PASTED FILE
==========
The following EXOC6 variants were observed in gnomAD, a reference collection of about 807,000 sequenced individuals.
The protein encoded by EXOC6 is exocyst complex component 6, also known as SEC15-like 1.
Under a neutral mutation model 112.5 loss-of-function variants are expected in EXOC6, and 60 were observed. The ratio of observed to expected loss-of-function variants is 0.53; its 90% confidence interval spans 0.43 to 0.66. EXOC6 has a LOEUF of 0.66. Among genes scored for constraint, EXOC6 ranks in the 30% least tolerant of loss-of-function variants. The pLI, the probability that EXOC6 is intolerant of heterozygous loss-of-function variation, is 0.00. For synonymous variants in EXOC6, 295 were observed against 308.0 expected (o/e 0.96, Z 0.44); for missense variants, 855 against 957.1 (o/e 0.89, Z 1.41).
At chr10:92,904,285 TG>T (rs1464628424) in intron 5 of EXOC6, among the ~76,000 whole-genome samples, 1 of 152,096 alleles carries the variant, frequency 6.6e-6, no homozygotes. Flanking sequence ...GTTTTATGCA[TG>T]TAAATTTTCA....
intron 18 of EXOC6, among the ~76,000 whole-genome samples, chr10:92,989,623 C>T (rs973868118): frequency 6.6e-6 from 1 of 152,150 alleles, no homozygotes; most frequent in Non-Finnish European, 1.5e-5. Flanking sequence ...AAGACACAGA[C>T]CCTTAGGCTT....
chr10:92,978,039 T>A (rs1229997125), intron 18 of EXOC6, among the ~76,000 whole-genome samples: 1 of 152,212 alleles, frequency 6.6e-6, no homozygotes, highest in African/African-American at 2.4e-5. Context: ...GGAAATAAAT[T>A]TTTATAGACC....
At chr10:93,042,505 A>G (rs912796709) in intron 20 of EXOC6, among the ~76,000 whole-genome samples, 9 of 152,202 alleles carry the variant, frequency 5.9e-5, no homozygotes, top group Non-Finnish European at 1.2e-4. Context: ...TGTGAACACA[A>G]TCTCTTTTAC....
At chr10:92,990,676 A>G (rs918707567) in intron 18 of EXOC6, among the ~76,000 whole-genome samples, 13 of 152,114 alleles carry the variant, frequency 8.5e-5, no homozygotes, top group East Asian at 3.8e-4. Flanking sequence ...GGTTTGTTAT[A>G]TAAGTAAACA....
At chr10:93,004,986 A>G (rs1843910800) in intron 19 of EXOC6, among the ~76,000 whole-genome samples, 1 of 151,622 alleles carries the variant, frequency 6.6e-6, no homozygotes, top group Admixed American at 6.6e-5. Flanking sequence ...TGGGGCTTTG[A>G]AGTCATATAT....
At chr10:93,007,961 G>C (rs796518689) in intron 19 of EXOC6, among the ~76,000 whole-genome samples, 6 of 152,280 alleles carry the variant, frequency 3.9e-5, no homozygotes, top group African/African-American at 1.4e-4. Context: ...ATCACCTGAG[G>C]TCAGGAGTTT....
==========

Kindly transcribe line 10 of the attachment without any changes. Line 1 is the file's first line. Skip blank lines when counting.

At chr10:93,007,961 G>C (rs796518689) in intron 19 of EXOC6, among the ~76,000 whole-genome samples, 6 of 152,280 alleles carry the variant, frequency 3.9e-5, no homozygotes, top group African/African-American at 1.4e-4. Context: ...ATCACCTGAG[G>C]TCAGGAGTTT....